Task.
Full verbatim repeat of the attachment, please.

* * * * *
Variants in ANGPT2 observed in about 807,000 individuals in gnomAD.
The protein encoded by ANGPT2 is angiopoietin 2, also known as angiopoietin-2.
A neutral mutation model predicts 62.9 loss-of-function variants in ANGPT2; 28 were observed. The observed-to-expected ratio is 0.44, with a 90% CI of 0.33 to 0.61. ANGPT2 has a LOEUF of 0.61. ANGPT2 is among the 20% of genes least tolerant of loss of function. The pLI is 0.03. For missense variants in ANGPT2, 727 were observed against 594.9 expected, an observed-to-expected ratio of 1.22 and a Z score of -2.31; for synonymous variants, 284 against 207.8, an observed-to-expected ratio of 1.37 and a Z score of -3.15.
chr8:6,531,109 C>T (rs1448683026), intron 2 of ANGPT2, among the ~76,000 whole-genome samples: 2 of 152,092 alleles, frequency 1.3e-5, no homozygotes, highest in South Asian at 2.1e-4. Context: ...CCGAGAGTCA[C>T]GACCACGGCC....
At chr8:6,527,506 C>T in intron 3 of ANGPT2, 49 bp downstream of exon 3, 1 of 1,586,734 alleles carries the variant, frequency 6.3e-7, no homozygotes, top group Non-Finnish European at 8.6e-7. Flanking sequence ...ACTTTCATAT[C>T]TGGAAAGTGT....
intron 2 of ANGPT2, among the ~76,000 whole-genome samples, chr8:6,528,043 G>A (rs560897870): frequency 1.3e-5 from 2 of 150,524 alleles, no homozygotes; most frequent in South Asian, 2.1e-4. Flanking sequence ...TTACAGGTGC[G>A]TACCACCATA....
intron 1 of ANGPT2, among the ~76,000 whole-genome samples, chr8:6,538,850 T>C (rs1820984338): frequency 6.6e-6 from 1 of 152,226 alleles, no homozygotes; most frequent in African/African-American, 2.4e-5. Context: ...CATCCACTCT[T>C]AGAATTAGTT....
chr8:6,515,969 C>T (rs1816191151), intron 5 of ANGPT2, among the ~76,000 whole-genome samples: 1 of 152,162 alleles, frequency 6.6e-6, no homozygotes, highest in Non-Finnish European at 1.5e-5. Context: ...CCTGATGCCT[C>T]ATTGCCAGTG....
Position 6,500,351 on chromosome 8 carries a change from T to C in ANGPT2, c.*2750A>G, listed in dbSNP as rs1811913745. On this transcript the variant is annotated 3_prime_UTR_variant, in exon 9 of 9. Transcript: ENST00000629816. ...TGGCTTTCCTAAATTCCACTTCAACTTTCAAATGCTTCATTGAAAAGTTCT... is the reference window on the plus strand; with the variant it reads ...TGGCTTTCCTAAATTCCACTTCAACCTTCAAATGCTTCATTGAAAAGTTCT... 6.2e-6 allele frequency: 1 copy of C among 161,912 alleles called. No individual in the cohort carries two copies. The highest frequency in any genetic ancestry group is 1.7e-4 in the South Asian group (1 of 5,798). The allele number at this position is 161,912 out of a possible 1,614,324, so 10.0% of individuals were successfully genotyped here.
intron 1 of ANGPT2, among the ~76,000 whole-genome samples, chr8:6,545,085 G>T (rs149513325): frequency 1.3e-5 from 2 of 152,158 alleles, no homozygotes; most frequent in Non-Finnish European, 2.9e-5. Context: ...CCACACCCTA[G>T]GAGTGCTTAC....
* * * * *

Variants in ANGPT2 observed in about 807,000 individuals in gnomAD.
The protein encoded by ANGPT2 is angiopoietin 2, also known as angiopoietin-2.
A neutral mutation model predicts 62.9 loss-of-function variants in ANGPT2; 28 were observed. The observed-to-expected ratio is 0.44, with a 90% CI of 0.33 to 0.61. ANGPT2 has a LOEUF of 0.61. ANGPT2 is among the 20% of genes least tolerant of loss of function. The pLI is 0.03. For missense variants in ANGPT2, 727 were observed against 594.9 expected, an observed-to-expected ratio of 1.22 and a Z score of -2.31; for synonymous variants, 284 against 207.8, an observed-to-expected ratio of 1.37 and a Z score of -3.15.
chr8:6,531,109 C>T (rs1448683026), intron 2 of ANGPT2, among the ~76,000 whole-genome samples: 2 of 152,092 alleles, frequency 1.3e-5, no homozygotes, highest in South Asian at 2.1e-4. Context: ...CCGAGAGTCA[C>T]GACCACGGCC....
At chr8:6,527,506 C>T in intron 3 of ANGPT2, 49 bp downstream of exon 3, 1 of 1,586,734 alleles carries the variant, frequency 6.3e-7, no homozygotes, top group Non-Finnish European at 8.6e-7. Flanking sequence ...ACTTTCATAT[C>T]TGGAAAGTGT....
intron 2 of ANGPT2, among the ~76,000 whole-genome samples, chr8:6,528,043 G>A (rs560897870): frequency 1.3e-5 from 2 of 150,524 alleles, no homozygotes; most frequent in South Asian, 2.1e-4. Flanking sequence ...TTACAGGTGC[G>A]TACCACCATA....
intron 1 of ANGPT2, among the ~76,000 whole-genome samples, chr8:6,538,850 T>C (rs1820984338): frequency 6.6e-6 from 1 of 152,226 alleles, no homozygotes; most frequent in African/African-American, 2.4e-5. Context: ...CATCCACTCT[T>C]AGAATTAGTT....
chr8:6,515,969 C>T (rs1816191151), intron 5 of ANGPT2, among the ~76,000 whole-genome samples: 1 of 152,162 alleles, frequency 6.6e-6, no homozygotes, highest in Non-Finnish European at 1.5e-5. Context: ...CCTGATGCCT[C>T]ATTGCCAGTG....
Position 6,500,351 on chromosome 8 carries a change from T to C in ANGPT2, c.*2750A>G, listed in dbSNP as rs1811913745. On this transcript the variant is annotated 3_prime_UTR_variant, in exon 9 of 9. Transcript: ENST00000629816. ...TGGCTTTCCTAAATTCCACTTCAACTTTCAAATGCTTCATTGAAAAGTTCT... is the reference window on the plus strand; with the variant it reads ...TGGCTTTCCTAAATTCCACTTCAACCTTCAAATGCTTCATTGAAAAGTTCT... 6.2e-6 allele frequency: 1 copy of C among 161,912 alleles called. No individual in the cohort carries two copies. The highest frequency in any genetic ancestry group is 1.7e-4 in the South Asian group (1 of 5,798). The allele number at this position is 161,912 out of a possible 1,614,324, so 10.0% of individuals were successfully genotyped here.
intron 1 of ANGPT2, among the ~76,000 whole-genome samples, chr8:6,545,085 G>T (rs149513325): frequency 1.3e-5 from 2 of 152,158 alleles, no homozygotes; most frequent in Non-Finnish European, 2.9e-5. Context: ...CCACACCCTA[G>T]GAGTGCTTAC....